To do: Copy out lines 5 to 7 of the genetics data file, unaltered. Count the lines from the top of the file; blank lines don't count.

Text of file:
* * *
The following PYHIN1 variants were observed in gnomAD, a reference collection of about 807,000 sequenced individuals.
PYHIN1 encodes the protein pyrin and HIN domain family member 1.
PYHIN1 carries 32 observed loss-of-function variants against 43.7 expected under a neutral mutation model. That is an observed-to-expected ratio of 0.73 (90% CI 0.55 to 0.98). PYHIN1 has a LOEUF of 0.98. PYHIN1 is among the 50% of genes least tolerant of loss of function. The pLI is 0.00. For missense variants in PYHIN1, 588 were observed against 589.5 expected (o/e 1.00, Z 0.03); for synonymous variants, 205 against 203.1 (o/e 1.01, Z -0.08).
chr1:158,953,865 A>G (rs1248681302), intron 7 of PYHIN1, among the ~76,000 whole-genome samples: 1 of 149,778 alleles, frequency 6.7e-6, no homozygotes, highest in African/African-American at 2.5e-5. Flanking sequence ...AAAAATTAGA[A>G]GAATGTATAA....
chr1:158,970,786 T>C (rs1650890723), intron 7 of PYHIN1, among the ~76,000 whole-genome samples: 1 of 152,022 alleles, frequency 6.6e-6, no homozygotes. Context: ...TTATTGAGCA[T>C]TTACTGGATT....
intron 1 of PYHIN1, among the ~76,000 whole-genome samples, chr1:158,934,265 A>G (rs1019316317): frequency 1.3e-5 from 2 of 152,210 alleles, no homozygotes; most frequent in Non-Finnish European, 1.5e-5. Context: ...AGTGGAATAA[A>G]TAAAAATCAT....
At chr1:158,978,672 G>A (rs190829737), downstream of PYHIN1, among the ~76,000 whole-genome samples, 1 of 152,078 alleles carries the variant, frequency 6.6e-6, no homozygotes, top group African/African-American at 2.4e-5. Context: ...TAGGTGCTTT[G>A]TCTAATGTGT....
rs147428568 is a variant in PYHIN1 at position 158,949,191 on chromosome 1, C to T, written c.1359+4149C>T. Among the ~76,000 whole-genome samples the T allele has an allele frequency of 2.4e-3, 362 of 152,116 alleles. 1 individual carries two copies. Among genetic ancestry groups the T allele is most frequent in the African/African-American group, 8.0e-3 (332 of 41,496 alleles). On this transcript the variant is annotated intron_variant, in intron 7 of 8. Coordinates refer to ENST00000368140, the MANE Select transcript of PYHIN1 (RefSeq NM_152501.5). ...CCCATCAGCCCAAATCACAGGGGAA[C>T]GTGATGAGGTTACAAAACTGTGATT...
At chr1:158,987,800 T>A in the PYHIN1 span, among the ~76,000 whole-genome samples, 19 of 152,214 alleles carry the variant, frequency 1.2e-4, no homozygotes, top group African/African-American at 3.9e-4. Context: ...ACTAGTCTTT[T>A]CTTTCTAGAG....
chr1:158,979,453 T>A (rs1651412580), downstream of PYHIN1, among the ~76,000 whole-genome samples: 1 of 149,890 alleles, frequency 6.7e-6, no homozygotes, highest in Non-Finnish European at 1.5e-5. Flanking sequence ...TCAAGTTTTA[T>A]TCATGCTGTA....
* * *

chr1:158,970,786 T>C (rs1650890723), intron 7 of PYHIN1, among the ~76,000 whole-genome samples: 1 of 152,022 alleles, frequency 6.6e-6, no homozygotes. Context: ...TTATTGAGCA[T>C]TTACTGGATT....
intron 1 of PYHIN1, among the ~76,000 whole-genome samples, chr1:158,934,265 A>G (rs1019316317): frequency 1.3e-5 from 2 of 152,210 alleles, no homozygotes; most frequent in Non-Finnish European, 1.5e-5. Context: ...AGTGGAATAA[A>G]TAAAAATCAT....
At chr1:158,978,672 G>A (rs190829737), downstream of PYHIN1, among the ~76,000 whole-genome samples, 1 of 152,078 alleles carries the variant, frequency 6.6e-6, no homozygotes, top group African/African-American at 2.4e-5. Context: ...TAGGTGCTTT[G>A]TCTAATGTGT....